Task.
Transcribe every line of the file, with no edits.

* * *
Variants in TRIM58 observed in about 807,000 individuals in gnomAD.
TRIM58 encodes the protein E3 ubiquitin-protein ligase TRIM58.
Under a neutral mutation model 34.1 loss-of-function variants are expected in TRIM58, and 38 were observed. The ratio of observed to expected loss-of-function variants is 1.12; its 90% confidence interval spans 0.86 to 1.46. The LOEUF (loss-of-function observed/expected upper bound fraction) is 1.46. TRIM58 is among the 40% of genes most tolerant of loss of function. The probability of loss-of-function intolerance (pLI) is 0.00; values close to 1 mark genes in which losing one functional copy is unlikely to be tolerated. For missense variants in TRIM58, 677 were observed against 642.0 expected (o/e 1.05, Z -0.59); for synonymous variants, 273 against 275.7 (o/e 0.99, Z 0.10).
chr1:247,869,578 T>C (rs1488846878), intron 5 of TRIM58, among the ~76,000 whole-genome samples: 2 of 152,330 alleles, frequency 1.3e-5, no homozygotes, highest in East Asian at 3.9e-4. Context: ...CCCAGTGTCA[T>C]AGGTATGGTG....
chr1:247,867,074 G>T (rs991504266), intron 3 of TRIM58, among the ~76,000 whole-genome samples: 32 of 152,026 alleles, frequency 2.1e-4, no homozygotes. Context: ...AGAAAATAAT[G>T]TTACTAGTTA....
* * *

Variants in TRIM58 observed in about 807,000 individuals in gnomAD.
TRIM58 encodes the protein E3 ubiquitin-protein ligase TRIM58.
Under a neutral mutation model 34.1 loss-of-function variants are expected in TRIM58, and 38 were observed. The ratio of observed to expected loss-of-function variants is 1.12; its 90% confidence interval spans 0.86 to 1.46. The LOEUF (loss-of-function observed/expected upper bound fraction) is 1.46. TRIM58 is among the 40% of genes most tolerant of loss of function. The probability of loss-of-function intolerance (pLI) is 0.00; values close to 1 mark genes in which losing one functional copy is unlikely to be tolerated. For missense variants in TRIM58, 677 were observed against 642.0 expected (o/e 1.05, Z -0.59); for synonymous variants, 273 against 275.7 (o/e 0.99, Z 0.10).
chr1:247,869,578 T>C (rs1488846878), intron 5 of TRIM58, among the ~76,000 whole-genome samples: 2 of 152,330 alleles, frequency 1.3e-5, no homozygotes, highest in East Asian at 3.9e-4. Context: ...CCCAGTGTCA[T>C]AGGTATGGTG....
chr1:247,867,074 G>T (rs991504266), intron 3 of TRIM58, among the ~76,000 whole-genome samples: 32 of 152,026 alleles, frequency 2.1e-4, no homozygotes. Context: ...AGAAAATAAT[G>T]TTACTAGTTA....